Marissa Mayer has called out the media for lying about the cost of Yahoo’s extravagant holiday party in December as well as other “untruths” about Yahoo’s spending.
The company’s lavish “Great Gatsby” themed holiday party in December was widely reported to cost Yahoo $7 million. Activist shareholder Eric Jackson, manager of hedge fund SpringOwl, cited the $7 million figure in his scathing review of Mayer’s tenure as CEO, giving credence to the reports.
The swanky party at San Francisco’s Pier 48 featured gambling tables, a rented Rolls Royce, performers and impressive flower arrangements.
But on a call with analysts Tuesday afternoon, Mayer called those reported costs to be “blatant falsehoods.”
“I have found these untruths to be upsetting, and I’m sure our investors have as well,” Mayer said, adding that the food and photo costs had been exaggerated by “more than a factor of three.”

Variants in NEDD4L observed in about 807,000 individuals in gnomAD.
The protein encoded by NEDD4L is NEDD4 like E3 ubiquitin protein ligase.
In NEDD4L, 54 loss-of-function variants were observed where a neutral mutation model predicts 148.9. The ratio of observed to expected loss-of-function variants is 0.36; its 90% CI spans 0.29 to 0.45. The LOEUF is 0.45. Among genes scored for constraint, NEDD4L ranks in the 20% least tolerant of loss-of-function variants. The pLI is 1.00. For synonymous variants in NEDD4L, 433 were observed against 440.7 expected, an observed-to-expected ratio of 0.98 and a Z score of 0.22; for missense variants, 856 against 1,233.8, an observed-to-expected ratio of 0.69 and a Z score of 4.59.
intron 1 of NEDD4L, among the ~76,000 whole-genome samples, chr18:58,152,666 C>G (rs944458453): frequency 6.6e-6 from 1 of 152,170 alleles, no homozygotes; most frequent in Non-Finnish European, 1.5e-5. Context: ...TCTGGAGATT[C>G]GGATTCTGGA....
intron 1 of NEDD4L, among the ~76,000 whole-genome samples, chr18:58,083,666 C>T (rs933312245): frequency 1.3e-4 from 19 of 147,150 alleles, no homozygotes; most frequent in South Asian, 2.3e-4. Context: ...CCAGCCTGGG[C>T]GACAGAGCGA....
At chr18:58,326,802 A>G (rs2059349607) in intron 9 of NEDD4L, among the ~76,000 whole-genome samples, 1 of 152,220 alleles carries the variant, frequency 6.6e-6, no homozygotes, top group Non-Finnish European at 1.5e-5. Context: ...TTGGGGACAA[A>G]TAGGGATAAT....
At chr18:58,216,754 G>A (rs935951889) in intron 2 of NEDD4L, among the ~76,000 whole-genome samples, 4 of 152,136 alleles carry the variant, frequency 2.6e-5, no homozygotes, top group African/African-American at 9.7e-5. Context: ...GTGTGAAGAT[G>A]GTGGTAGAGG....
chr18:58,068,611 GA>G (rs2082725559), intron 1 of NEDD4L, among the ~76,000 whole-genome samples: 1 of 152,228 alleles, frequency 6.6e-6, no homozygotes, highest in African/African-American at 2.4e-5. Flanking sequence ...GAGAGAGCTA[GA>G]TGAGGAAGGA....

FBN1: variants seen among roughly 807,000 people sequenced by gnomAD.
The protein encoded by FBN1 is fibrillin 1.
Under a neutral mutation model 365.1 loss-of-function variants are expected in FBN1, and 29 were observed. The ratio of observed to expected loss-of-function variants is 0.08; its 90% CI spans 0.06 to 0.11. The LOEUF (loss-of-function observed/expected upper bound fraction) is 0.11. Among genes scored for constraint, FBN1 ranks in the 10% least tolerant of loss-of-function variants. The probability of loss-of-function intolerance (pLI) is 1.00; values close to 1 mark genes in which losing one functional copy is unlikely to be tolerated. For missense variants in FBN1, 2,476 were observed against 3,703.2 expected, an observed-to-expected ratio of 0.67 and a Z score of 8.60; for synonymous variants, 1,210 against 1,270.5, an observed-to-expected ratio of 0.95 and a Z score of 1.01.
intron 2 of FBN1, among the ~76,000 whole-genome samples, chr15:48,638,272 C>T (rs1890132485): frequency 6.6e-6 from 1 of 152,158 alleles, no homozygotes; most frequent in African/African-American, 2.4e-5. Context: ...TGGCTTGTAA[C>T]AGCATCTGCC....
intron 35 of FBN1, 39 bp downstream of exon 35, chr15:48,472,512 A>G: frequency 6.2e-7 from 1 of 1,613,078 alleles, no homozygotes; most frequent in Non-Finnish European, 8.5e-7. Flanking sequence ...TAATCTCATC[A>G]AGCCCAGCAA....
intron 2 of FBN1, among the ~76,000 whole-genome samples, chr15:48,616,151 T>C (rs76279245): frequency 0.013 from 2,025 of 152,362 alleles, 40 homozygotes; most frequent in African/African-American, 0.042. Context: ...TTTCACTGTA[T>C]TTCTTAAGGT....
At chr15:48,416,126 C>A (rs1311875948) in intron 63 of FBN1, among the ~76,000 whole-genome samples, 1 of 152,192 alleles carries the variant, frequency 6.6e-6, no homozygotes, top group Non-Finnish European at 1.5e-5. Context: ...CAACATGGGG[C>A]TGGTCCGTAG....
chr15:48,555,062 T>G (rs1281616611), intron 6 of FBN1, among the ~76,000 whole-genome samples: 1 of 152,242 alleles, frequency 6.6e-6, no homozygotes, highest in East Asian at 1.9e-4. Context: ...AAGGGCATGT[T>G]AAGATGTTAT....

Mayer said Yahoo’s holiday parties cost $150 per invited attendee. And the food program is a tech industry standard, she argued, yet “generally run less expensively” at Yahoo than elsewhere.
Jackson has also criticized Yahoo for giving its employees free iPhones at tremendous cost. Mayer said the phones remain the property of the company, similar to the computers that it lets employees use. And employees need phones to test out Yahoo’s mobile products.
“There are many more examples of untruths and mischaracterizations,” Mayer said. “Please know that we are very thoughtful about how we spend company resources, and we will continue to be.”
Still, even if Yahoo spent “only” $2 million on its holiday party and a $150 million on its food program, the optics aren’t great at a company that has been struggling mightily to compete against Google(GOOGL, Tech30) and Facebook(FB, Tech30).
Yahoo lost $4.4 billion last quarter after writing down the value of many of its brands, including Tumblr. In an effort to cut costs, Mayer announced a plan to cut 15% of the company’s staff and sell off non-strategic assets. Yahoo is also exploring a sale of the company.